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Having reviewed over 1200 books on this blog, I have now written two myself. Motherdarling is a story about a search for a missing Will which reveals long-hidden family secrets. The Kids of God is a thriller set in a dystopia ruled by fascist paramilitaries. Both are available as paperbacks and on Kindle through Amazon. I live in Canterbury, England. I lived for more than thirty years in Bedford. Having retired from teaching; I became a research student at the University of Bedfordshire researching into Liminality. I achieved my PhD in 2019. I am now properly retired. I love reading! I enjoy in particular fiction (mostly great and classic fiction although I also enjoy whodunnits), biography, history and smart thinking. Follow me on twitter: @daja57

Friday, 12 April 2019

"In a Dark Wood" by Amanda Craig

The book opens as an unemployed actor watches his home being packed up my removal men: his wife has had an affair and left him, taking his two children. He is in the depths of depression, bitter and cruel. He rescues a book of fairy stories written and illustrated by his mother who committed suicide when he was six years old. These stories will take him (and his young son Cosmo) on a quest to America to discover his mother's family and the truth about why she killed herself.

It is remarkable in that it has an unlikeable narrator and protagonist. It's a tough gig to persuade the reader to empathise with such a character and during the first few chapters I was finding the story a little contrived. I thought the characters weren't 'normal' people (an actor, wife a writer, father a famous columnist, mother an illustrator, best friend a consultant psychotherapist) ; that there were too many one-liners showing wit but not character (though I later realised that they did show character); that the long extracts of fairy-story were a contrivance to push the tale along.

But I recognised that the plot was of the classic 'Three Act' structure:
  • the first quarter (first act) ends with a long fairy story and the narrator setting off on his quest; 
  • the second quarter (first half of the second act) ends almost exactly with a revelation about the narrator's substitute mother figure which sends him off on his quest to the US;; 
  • in the third quarter (second half of third act) the narrator starts to become excited and extravagant; it ends with him falling in love with his cousin;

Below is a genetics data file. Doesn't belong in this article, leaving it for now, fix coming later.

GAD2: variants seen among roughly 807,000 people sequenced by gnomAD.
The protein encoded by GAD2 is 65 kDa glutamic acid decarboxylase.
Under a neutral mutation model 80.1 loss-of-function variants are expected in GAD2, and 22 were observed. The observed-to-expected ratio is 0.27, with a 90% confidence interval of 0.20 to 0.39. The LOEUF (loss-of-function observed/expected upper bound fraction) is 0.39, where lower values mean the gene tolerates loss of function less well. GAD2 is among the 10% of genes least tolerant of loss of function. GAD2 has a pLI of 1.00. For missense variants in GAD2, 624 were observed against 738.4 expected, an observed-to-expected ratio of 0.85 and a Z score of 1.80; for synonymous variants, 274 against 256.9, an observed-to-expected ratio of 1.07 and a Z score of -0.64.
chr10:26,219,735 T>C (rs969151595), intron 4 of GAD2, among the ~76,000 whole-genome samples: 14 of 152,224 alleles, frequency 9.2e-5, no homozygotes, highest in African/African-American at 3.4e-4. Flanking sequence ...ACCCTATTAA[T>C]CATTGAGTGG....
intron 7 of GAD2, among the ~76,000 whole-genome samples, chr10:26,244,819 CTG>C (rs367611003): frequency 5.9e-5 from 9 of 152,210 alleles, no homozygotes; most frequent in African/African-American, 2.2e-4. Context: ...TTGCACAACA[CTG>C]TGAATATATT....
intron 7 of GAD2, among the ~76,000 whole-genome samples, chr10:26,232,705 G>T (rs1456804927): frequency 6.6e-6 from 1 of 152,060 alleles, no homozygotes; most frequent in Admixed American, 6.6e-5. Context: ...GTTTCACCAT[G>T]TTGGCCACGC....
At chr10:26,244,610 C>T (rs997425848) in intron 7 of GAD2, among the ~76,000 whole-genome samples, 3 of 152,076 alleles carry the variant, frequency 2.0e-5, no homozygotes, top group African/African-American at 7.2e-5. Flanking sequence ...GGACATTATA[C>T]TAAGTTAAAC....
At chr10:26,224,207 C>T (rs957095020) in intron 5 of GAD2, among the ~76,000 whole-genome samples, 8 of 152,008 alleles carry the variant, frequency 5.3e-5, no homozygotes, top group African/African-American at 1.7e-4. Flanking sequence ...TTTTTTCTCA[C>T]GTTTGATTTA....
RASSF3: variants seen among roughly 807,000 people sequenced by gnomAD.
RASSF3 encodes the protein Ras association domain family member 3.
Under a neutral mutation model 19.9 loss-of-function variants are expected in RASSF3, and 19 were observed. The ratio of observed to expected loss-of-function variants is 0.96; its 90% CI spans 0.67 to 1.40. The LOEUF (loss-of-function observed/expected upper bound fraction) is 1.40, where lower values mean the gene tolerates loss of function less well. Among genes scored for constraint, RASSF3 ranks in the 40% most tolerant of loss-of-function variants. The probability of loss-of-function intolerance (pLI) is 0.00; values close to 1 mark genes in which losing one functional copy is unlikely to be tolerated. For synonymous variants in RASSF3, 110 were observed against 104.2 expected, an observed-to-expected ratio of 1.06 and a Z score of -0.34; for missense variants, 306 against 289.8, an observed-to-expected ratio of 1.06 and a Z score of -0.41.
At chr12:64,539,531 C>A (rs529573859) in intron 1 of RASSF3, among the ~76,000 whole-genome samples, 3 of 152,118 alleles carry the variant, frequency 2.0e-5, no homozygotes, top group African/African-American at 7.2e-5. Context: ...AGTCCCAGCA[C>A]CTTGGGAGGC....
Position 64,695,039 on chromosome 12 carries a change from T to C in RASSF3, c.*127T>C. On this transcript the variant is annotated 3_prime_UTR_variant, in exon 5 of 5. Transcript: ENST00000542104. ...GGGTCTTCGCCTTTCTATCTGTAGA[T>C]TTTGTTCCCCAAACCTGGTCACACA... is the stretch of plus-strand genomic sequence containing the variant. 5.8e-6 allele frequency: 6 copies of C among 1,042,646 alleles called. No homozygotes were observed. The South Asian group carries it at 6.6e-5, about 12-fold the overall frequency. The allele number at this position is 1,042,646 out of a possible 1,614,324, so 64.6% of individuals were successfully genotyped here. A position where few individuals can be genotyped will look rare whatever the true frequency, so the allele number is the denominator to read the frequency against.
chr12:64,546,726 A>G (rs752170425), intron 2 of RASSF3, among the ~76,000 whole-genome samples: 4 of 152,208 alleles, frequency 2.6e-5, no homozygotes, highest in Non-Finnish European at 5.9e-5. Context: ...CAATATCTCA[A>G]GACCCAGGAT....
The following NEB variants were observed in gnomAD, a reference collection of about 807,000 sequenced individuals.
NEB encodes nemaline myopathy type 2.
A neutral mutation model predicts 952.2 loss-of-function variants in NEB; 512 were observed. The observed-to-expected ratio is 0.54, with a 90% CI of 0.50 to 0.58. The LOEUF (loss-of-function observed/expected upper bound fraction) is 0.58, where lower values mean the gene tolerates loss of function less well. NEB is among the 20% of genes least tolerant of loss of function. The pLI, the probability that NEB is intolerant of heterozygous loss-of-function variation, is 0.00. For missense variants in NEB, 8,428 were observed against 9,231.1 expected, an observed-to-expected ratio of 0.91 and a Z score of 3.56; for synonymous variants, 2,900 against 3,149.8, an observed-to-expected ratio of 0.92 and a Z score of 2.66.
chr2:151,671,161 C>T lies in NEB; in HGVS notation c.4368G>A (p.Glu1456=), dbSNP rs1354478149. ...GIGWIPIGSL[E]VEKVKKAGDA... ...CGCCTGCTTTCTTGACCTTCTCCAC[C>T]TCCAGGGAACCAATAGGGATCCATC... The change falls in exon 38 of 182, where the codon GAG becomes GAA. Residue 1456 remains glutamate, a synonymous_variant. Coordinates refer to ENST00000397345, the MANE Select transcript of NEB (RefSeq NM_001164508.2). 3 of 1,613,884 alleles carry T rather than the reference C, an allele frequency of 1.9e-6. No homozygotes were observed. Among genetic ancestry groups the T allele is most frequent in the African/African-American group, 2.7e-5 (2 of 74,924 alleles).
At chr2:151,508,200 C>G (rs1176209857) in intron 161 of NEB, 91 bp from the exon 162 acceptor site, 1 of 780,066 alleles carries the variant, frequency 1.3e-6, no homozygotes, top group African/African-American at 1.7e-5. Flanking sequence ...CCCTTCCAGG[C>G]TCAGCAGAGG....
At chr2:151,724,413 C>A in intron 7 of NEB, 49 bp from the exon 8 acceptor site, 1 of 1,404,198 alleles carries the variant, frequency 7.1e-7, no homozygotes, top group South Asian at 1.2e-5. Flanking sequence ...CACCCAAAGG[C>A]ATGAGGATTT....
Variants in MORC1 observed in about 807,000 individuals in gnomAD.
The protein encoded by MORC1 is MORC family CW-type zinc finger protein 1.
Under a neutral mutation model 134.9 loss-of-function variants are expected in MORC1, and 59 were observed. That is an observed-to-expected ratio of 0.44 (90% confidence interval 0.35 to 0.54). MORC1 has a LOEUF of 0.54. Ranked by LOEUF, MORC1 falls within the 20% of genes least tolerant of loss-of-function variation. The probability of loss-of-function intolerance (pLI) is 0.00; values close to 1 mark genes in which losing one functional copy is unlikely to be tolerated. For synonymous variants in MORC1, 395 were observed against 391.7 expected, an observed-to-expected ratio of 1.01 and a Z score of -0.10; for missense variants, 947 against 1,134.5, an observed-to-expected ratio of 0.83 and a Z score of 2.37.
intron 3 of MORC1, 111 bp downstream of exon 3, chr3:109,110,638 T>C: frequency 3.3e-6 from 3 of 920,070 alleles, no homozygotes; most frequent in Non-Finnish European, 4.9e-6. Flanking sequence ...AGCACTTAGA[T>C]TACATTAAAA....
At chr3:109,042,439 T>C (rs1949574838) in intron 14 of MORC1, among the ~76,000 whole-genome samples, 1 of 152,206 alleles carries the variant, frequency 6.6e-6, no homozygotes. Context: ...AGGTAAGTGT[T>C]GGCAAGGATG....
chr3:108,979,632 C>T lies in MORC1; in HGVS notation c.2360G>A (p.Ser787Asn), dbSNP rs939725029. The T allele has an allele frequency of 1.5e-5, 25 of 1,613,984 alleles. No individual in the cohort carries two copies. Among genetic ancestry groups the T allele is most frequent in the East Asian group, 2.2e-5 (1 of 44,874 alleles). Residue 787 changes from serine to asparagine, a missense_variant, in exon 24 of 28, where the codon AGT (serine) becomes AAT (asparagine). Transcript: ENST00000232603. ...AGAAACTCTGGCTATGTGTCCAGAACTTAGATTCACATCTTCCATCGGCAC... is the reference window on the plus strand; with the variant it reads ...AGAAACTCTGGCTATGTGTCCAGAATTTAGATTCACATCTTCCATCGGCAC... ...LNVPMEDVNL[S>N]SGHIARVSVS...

• the fourth quarter (third act) resolves the issues; 
  • the dramatic tension rises and falls very carefully within each act.
What is perhaps more interesting is that the character development is also within this structure and that the very features I found difficult about the protagonist at the start, the features I felt needed developing, were the features that would be under attack. So I had developed some sort of empathy with the protagonist despite myself. Clever.
Some great lines:

  • "A biography in books, this is why some people scan your shelves, in the manner of a Roman seer gazing at the entrails." (C1)
  • "Packers were entombing our furniture, wadding it in transparent, silvery bubbles." (C1)
  • "They were all so hesitant, these Cinderellas of the mating game, it was difficult to see them as predatory." (C1)
  • "At the eleventh hour before the biological clock struck midnight it was not myself they wanted so much as any half-decent heterosexual husband." (C1)
  • "My first reaction when she left me was a kind of elation." (C1)
  • "If you've been with the same person for most of your adult life, you can't help feeling curious. All those girls you haven't slept with, the parties you haven't gone to, the offers you've turned down." (C1)
  • "Everyone who was still single came trailing a history of romantic disappointment." (C1)
  • "You're like all men, struck dumb by testosterone." (C2)
  • "Everyone needs a story, a part to play to avoid the realisation that life is without significance." (C2)
  • "If you read fairy-tales carefully, you'll notice they are mostly about people who aren't heroes. They don't have special powers, or gifts. Often they are despised as stupid. They are bullied, beaten up, robbed, starved. But they find they are stronger than their misfortunes." (C2)
  • "In my experience, it is always the most selfish and cold-hearted of people who become mawkish over felines. I suspect it is because they instinctively recognise a nature even more unpleasant than their own." (C7)
  • "Children are closer to lunatics or animals than human beings." (C7)
  • "The one freedom every journalist will passionately defend is freedom of speech, otherwise known as the freedom to be cruel about other people." (C9)
  • "The Frog Prince who knows he's really a frog, no matter how many times he's kissed." (C10)
  • "The asymmetry of nightmare." (C12)
  • "I would never get used to the way other people look out of children's faces, as though we ourselves are only peep-holes for the past." (C19)
  • "Like all small boys, he was a natural fascist, deeply impressed by uniforms and guns." (C21)
  • "I was alive as I had never been before. I could hear every tiny leaf as it rustled on the tree, the calls of birds, the creak of wood, the humming of the great steel fridge that contained all the canapes." (C22)
  • "Unfair, unfair, that's what children cry. It takes such a long time to comprehend that fairness never happens except by the most improbable chance, that you are almost always going to be disappointed." (C24)
  • "The rules of law are an adult response to an essentially unfair universe." (C 24)

A well-crafted book with an interesting choice of narrator and a clever plot.

April 2019; 276 pages

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